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NBA all-stars move to a Brooklyn beat - Local drummers will play the big show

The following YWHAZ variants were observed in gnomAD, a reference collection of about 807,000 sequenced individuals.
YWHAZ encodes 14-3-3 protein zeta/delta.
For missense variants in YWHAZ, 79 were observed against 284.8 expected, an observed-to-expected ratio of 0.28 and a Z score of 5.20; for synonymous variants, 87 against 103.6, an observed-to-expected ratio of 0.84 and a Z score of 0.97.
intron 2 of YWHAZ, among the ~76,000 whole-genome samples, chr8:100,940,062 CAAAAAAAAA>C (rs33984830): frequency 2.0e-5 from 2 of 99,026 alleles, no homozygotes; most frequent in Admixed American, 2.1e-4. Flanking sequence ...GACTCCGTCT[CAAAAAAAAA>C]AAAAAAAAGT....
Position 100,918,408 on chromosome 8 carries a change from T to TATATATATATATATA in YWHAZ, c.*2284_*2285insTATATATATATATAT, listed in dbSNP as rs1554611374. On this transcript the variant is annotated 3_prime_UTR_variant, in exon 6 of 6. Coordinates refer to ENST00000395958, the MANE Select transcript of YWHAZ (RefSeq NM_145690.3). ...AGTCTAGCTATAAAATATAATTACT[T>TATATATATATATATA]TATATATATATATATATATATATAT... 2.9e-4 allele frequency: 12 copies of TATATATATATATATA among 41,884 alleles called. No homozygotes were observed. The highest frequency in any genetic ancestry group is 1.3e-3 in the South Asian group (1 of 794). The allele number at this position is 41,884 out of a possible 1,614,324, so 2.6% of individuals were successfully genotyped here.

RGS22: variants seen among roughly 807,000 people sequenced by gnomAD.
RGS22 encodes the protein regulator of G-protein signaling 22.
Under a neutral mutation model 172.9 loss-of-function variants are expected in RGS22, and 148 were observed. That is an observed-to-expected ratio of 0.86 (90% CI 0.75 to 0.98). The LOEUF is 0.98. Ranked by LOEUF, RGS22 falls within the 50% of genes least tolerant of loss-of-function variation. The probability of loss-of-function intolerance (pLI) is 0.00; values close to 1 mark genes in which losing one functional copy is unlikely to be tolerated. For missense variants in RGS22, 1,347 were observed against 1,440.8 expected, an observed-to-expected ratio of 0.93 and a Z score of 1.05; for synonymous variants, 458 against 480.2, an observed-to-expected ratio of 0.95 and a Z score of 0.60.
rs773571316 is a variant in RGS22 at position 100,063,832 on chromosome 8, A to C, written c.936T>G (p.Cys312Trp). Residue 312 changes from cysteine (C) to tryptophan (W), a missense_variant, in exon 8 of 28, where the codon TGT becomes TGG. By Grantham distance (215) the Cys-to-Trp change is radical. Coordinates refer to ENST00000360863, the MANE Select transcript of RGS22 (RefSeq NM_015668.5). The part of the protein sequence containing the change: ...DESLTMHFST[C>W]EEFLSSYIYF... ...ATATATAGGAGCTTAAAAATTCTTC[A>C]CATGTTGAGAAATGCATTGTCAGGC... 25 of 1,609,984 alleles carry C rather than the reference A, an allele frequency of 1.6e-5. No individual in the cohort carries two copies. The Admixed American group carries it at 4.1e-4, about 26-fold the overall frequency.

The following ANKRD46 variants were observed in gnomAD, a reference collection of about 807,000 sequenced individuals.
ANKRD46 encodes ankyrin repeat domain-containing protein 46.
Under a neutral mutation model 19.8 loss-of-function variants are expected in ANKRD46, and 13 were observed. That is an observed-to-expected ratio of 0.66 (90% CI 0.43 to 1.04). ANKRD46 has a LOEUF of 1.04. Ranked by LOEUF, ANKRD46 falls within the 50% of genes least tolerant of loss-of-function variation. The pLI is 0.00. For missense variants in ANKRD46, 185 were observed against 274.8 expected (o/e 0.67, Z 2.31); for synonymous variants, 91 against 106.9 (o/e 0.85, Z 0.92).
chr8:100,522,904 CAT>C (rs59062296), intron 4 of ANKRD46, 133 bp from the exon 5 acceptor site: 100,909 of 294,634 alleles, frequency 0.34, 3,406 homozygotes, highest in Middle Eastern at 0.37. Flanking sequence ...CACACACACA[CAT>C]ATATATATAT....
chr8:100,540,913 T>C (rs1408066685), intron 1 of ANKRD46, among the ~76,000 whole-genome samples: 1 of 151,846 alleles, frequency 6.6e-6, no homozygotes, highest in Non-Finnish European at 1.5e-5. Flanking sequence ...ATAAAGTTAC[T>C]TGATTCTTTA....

For their yearly All-Star blowout, the NBA handpicked an A-list line-up of entertainment: Christina Aguilera, Toni Braxton, Mary J. Blige – oh, and a group of Brooklyn teenagers! Yes, these youngsters are packing their drumsticks and heading to Las Vegas where they’ll rub shoulders with celebrities and basketball elite. The group – known as the Nets Drumline – was specially selected to hammer out its trademark show at a host of flashy NBA events, including Sunday’s All-Star match-up. At their final rehearsal on Tuesday, the youngsters fine-tuned their precision beats and fancy footwork. During practice, these straight-faced musicians are the definition of discipline. But scratch just below the surface, and you’ll find these Vegas-bound teens are positively giddy. “I was really excited,” said 14-year-old Donnaysia Ifield of learning she’d made the All-Star squad. “I told all my friends, and I even told my principal!” Donnaysia’s drumline is performing for its second season. They’re a crowd favorite during many New Jersey Nets home games, and have also made numerous television appearances. But these perks don’t come easy: they’re the result of a lot of sweat and tears. These percussionists rehearse for three hours a day, five days a week. “It’s strict, and you have to work hard,” said Donnaysia, an 8th grader at MS 113, 300 Adelphi Street. The Nets Drumline is just one ensemble that has emerged from the Brooklyn Music and Arts Program (BMAP), a thriving after-school program. To celebrate the drumline’s national recognition, Nets’ owner and mega-developer Bruce Rater has donated $10,000 to BMAP. The Fort Greene-based nonprofit was established in 2004 to provide inner-city youth with a creative outlet. But the curriculum is much more than just music. “Our program is academically-focused,” said Tyrone Brown, BMAP’s Executive Director. Students receive tutoring and homework help, and must maintain good grades. The program is designed to foster youth leadership and also teaches teens how to manage demanding schedules. “As adults, we have to juggle responsibilities,” Brown said. “Why not prepare these guys early?” In fact, the upcoming trip to Las Vegas underscores the organization’s academic emphasis. Only eight of the drumline’s 12 members were invited to perform at the Las Vegas All-Star weekend. Brown said students were selected not on their musical ability, but instead were chosen because of their “top report cards.” “It’s their reward,” Brown said. “It helps bring home my whole mission.” The Nets Drumline will perform at a host of competitions and promotions beginning on Friday, and culminating with Sunday’s 56th NBA All-Star Game. All events will be televised nationally on TNT.

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